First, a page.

Successful completion of the NAVLE is one requirement for licensure, as established by all state veterinary regulatory boards, and taking the exam is generally considered to indicate a desire to practice in the United States.
 
After the two Caribbean schools were accredited, the number of fourth-year students from nonaccredited foreign schools who took the NAVLE dropped by 322, while the number of fourth-year students from accredited foreign schools jumped by 356, representing a re-classification of students from Ross and St. George’s. Overall, there has been just a 1 percent increase in the number of students taking the NAVLE for the first time and passing the test from 2009-2011 to 2011-2012.
 

Furthermore, the pass rate for fourth-year students from nonaccredited foreign schools decreased by 23.1 percent in that time frame, whereas the pass rate decreased only 2.5 percent for fourth-year students from foreign accredited schools, attesting to the fact that Ross and St. George’s students performed well on the licensing examination both before and after accreditation. The number of nonaccredited foreign school students who failed the examination bottomed out at 39 percent in 2010-2011 and climbed rapidly to 63 percent the next year.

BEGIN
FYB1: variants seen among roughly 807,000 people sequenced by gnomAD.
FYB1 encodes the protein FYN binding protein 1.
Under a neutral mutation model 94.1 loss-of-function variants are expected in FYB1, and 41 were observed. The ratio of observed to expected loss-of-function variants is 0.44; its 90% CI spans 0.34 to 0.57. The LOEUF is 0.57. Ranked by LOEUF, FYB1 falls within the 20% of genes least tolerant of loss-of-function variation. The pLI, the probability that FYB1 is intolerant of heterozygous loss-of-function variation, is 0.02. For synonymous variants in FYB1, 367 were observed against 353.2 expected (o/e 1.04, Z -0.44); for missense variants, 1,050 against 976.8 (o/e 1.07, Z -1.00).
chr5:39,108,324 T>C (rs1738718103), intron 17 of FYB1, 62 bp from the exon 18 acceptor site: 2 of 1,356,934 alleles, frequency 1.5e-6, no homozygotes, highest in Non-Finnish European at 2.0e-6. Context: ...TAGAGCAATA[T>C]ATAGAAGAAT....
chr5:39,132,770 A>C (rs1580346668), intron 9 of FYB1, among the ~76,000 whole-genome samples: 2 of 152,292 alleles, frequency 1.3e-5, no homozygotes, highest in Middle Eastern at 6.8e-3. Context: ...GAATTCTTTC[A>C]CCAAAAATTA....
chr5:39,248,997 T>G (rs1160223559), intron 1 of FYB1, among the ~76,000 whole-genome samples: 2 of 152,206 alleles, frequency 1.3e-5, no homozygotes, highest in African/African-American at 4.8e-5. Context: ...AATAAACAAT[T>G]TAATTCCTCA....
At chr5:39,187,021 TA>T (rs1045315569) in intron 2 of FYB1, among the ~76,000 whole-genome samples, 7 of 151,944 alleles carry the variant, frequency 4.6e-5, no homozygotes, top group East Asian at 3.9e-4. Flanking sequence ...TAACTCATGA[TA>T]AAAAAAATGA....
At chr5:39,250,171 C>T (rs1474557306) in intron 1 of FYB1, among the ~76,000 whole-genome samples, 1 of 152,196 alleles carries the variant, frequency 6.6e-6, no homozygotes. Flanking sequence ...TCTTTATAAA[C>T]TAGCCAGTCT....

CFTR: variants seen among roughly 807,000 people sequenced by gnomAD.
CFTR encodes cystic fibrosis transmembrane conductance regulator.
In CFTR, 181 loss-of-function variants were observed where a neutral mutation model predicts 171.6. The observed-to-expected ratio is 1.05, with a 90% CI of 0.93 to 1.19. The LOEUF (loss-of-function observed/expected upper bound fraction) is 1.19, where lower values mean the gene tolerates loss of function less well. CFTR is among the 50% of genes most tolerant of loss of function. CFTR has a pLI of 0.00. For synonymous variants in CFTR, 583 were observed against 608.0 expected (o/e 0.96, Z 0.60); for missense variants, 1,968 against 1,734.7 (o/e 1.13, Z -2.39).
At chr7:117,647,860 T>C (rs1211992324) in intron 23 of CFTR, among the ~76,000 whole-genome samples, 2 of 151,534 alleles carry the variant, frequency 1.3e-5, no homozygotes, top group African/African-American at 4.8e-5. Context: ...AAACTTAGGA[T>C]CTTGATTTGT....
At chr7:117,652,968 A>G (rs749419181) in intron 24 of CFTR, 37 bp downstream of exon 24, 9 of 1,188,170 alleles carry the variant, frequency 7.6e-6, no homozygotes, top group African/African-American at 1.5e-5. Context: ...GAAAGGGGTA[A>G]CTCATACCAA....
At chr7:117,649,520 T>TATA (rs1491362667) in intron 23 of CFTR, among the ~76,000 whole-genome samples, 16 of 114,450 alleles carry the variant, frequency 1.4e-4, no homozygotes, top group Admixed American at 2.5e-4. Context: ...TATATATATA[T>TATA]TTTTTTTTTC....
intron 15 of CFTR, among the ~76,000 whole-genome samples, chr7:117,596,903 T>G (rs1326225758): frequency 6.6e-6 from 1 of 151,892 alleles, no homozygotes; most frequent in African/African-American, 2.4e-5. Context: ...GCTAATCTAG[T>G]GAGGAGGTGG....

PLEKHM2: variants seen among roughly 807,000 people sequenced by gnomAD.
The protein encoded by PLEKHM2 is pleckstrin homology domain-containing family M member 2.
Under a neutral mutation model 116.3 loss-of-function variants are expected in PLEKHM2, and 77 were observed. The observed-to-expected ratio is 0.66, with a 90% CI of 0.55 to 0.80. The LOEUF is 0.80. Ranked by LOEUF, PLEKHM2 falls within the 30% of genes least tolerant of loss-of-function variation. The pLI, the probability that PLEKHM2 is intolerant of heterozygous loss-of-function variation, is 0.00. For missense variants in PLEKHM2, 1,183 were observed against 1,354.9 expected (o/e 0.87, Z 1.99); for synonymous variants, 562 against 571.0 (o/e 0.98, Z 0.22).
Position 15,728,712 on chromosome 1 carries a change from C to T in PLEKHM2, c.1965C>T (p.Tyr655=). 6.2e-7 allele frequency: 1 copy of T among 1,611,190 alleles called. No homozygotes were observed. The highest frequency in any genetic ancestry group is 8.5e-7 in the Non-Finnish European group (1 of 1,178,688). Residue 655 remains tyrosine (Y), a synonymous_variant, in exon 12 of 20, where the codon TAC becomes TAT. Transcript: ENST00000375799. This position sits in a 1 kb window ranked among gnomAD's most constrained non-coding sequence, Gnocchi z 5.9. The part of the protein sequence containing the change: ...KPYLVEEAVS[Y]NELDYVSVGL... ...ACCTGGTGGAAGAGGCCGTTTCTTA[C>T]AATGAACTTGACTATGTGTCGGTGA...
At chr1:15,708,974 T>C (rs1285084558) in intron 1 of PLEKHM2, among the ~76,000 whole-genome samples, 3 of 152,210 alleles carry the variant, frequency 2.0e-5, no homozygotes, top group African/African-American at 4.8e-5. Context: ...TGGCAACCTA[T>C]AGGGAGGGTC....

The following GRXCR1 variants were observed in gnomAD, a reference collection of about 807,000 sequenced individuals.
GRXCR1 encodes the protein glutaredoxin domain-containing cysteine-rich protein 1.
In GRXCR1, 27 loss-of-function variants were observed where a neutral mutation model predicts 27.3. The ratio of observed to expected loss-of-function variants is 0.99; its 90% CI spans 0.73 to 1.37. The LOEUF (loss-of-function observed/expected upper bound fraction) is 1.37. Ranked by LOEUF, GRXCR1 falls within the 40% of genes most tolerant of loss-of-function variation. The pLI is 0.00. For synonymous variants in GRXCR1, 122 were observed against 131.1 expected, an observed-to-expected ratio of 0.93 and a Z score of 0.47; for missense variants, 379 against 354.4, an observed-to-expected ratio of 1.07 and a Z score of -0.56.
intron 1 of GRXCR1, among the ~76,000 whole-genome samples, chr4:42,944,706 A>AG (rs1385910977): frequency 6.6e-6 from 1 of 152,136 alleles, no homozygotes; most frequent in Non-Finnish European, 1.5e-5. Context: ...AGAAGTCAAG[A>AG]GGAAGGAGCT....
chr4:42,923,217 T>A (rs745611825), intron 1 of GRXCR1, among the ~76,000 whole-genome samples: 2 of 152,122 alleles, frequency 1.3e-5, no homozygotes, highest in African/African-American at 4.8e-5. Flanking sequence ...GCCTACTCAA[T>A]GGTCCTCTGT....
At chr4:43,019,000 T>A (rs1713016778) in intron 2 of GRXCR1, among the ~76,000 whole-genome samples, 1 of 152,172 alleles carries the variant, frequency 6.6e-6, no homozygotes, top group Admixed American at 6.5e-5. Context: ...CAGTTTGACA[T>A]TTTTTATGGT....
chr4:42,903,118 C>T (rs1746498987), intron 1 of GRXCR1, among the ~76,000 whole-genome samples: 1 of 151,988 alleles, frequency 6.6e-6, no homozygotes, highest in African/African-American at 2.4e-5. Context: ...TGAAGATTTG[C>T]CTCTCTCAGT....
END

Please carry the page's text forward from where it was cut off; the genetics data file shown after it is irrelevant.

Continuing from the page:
Ironically, the accreditation of UNAM brought about the most concern that its graduates would flood the U.S. market (see JAVMA, May 15, 2010, page 1031) as it has one of the largest veterinary classes, with the most recent graduate class totaling 335. Yet, “maybe one or two” UNAM students have taken the NAVLE since the institution became accredited in October 2011, according to Dr. John Boyce, executive director of the NBVME. 

On the home front

Looking at the bigger picture, AVMA data suggest that international graduates, including American citizens, represent about 10 percent the U.S. veterinary workforce.
 
The AVMA maintains a database that includes all veterinarians known to the Association—whether living inside or outside the U.S.. The current total as of the end of 2012 was 117,048 veterinarians, and of that number, 99,019 were of working age (70 or younger) and living in the United States.